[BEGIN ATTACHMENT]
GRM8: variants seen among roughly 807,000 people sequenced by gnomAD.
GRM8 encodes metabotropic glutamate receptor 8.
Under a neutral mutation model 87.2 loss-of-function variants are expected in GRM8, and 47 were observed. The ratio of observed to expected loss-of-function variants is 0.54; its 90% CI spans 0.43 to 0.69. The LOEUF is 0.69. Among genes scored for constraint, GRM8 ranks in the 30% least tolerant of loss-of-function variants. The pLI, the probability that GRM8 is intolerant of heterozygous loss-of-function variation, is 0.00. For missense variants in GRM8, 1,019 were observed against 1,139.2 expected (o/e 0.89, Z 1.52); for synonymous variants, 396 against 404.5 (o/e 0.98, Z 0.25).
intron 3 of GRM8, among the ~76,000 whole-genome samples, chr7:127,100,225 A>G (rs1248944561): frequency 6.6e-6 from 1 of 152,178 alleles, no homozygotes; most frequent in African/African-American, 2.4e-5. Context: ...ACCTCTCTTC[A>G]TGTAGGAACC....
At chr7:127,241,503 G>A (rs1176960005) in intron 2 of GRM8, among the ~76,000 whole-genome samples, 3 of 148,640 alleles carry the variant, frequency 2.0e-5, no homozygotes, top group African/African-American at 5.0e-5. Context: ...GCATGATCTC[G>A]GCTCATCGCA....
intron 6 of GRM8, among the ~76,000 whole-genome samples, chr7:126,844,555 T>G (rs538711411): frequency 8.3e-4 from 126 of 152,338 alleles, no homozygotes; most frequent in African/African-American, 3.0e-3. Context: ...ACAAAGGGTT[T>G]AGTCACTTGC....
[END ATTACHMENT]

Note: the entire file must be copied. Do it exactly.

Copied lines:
GRM8: variants seen among roughly 807,000 people sequenced by gnomAD.
GRM8 encodes metabotropic glutamate receptor 8.
Under a neutral mutation model 87.2 loss-of-function variants are expected in GRM8, and 47 were observed. The ratio of observed to expected loss-of-function variants is 0.54; its 90% CI spans 0.43 to 0.69. The LOEUF is 0.69. Among genes scored for constraint, GRM8 ranks in the 30% least tolerant of loss-of-function variants. The pLI, the probability that GRM8 is intolerant of heterozygous loss-of-function variation, is 0.00. For missense variants in GRM8, 1,019 were observed against 1,139.2 expected (o/e 0.89, Z 1.52); for synonymous variants, 396 against 404.5 (o/e 0.98, Z 0.25).
intron 3 of GRM8, among the ~76,000 whole-genome samples, chr7:127,100,225 A>G (rs1248944561): frequency 6.6e-6 from 1 of 152,178 alleles, no homozygotes; most frequent in African/African-American, 2.4e-5. Context: ...ACCTCTCTTC[A>G]TGTAGGAACC....
At chr7:127,241,503 G>A (rs1176960005) in intron 2 of GRM8, among the ~76,000 whole-genome samples, 3 of 148,640 alleles carry the variant, frequency 2.0e-5, no homozygotes, top group African/African-American at 5.0e-5. Context: ...GCATGATCTC[G>A]GCTCATCGCA....
intron 6 of GRM8, among the ~76,000 whole-genome samples, chr7:126,844,555 T>G (rs538711411): frequency 8.3e-4 from 126 of 152,338 alleles, no homozygotes; most frequent in African/African-American, 3.0e-3. Context: ...ACAAAGGGTT[T>G]AGTCACTTGC....